Nike's employee store: Food for the sole
BEAVERTON, Ore. -- The greatest sports store you'll never set foot in is officially open from 10 a.m. to 7 p.m., Monday through Saturday, 11 a.m.-5 p.m. Sunday, or, if you're Michael "The Franchise" Jordan, from whatever time His Airness wants to shop until he drops.
As buildings go, the Nike Employee Store, which is located not far from the company's drop-dead gorgeous world headquarters, has all the warmth of a warehouse. Actually, it is a converted warehouse featuring stark concrete floors, steel rafters and the kind of halogen lighting you see in medium-security prisons. But good luck finding a parking spot, especially during the two busiest shopping times of the year: pre-Christmas and pre-back to school. That's when the aisles suffer from cart gridlock and the 10 cash registers are pleading for mercy.
Hey, there's Hall of Famer Eddie Sutton, who is in town for a Nike clinic. The Oklahoma State coach is pushing a black shopping cart filled with enough merchandise to clothe the greater Stillwater area. Sutton, an Employee Store veteran, has been here awhile.
"I remember when they didn't have an employee store," Sutton says. "[Nike chairman and co-founder] Phil Knight sent me and [former Georgetown coach] John Thompson over to the warehouse to do some shopping. I filled two shopping carts. John filled eight."
It happens. Michigan State's Tom Izzo spent a couple hours here the other day and filled a personal-record five carts. His credit card is now in therapy.
"An incredible place, isn't it?," he says. "I get a kick out of seeing pro athletes in there, guys making millions, and the most important thing is shopping at the store. For me, I think it's Christmas. ... I think it brings out the kid in all of us."
|“||It is very overwhelming for our customers or their guests, if they haven't been here before. ”|
|— Jennifer Kenney, assistant manager, Nike employee store|
You can't help yourself here. Your only two thoughts as you survey the vast array of merchandise are: "Can I get a small equity loan to pay for it?" and, "How will I get it all home?"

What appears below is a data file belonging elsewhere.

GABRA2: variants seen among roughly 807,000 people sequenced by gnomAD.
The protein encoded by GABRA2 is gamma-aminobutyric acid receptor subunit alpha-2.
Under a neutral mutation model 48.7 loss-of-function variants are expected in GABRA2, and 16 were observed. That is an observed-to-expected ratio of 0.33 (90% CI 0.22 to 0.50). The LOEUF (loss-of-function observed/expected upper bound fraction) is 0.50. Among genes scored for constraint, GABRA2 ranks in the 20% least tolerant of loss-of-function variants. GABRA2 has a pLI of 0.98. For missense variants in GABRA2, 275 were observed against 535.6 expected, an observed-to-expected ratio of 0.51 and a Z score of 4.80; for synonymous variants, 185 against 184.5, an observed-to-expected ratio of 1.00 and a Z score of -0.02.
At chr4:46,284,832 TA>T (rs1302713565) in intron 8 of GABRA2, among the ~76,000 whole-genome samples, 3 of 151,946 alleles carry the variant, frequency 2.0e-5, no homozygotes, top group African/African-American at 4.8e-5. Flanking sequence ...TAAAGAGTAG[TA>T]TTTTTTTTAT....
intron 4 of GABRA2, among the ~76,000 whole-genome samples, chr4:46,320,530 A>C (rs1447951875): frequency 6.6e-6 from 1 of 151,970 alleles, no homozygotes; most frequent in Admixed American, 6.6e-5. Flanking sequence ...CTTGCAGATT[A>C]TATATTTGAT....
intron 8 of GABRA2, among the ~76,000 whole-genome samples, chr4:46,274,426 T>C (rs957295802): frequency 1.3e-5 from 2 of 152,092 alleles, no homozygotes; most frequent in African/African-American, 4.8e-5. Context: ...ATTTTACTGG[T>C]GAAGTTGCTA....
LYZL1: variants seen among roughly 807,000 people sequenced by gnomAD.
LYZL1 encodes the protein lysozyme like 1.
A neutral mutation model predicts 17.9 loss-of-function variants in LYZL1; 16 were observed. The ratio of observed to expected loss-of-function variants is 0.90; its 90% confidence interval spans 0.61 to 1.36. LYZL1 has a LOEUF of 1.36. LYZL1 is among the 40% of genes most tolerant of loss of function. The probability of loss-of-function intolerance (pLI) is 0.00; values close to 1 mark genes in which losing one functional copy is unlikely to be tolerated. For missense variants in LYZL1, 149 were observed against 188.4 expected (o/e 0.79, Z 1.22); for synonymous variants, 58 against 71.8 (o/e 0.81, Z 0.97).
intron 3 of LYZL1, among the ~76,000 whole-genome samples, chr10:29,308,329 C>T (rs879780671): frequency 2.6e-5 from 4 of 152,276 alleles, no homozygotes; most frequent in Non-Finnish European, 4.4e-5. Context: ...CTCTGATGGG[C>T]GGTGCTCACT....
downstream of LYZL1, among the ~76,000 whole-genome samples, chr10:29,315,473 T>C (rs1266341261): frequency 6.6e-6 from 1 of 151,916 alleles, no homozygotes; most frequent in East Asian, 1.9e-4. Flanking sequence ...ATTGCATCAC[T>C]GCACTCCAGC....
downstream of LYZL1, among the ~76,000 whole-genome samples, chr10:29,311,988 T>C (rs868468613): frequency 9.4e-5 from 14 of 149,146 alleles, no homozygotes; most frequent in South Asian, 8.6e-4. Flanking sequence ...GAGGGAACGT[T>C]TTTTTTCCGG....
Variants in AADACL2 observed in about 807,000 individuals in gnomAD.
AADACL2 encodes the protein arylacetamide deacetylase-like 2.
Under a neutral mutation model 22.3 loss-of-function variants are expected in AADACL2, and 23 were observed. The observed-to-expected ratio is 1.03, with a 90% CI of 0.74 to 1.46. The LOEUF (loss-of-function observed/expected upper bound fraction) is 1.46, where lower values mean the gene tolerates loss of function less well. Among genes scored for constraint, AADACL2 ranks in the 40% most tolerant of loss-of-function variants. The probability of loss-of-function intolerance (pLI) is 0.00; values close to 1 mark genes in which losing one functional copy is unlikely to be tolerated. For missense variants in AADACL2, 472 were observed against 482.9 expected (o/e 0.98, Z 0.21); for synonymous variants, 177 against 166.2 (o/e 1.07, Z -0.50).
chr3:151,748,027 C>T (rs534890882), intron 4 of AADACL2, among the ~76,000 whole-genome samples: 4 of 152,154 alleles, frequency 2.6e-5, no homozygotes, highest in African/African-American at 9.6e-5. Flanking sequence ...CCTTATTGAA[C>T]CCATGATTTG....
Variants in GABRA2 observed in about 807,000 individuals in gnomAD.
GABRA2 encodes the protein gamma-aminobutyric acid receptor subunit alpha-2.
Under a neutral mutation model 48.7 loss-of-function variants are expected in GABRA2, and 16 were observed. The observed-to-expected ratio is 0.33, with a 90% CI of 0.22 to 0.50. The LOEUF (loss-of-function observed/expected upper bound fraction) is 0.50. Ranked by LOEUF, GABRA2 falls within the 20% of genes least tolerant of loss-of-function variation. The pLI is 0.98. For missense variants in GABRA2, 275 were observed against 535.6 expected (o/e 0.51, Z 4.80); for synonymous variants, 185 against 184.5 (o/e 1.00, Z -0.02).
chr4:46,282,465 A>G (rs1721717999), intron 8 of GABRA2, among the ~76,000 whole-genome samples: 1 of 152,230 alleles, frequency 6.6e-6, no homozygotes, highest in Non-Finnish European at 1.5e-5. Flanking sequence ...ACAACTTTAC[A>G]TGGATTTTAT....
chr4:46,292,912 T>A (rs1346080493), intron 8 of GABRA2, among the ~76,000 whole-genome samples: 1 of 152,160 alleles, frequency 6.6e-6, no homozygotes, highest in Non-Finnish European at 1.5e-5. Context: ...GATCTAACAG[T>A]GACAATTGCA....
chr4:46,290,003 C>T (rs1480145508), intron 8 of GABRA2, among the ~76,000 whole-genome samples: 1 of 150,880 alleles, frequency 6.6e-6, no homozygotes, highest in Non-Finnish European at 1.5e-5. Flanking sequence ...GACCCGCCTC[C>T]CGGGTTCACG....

"It is very overwhelming for our customers or their guests, if they haven't been here before," says assistant manager Jennifer Kenney, whose own jaw had to be re-attached when she first saw the place a year ago. "We encourage them to walk around a couple of times before they start to make their purchases. You have to really walk around four or five times before you can see half of what we have."
Before you can walk around, you have to get in. And the only way you can get in is to be a Nike employee, a member of an employee's immediate family (nieces and nephews are out of luck), a Nike vendor, a Nike endorser (M.J., Sutton, Izzo, etc.), a Nike contributor (such as professional musicians who work with the company -- Nike won't provide names), a recipient of a Nike guest pass (employees get five each for the year), or a Nike suck-up (Knight himself approved my chaperoned visit for this column). Otherwise, welcome to the world of full retail pricing.
Employees are required to show their company IDs when they enter the store and the information is checked again at checkout. There are security cameras throughout the store and security personnel at the exits. And the store, itself, is designed to discourage gawking from the outside world. All you can see from the front windows is the security counter and a series of walls that shield the inside of the store.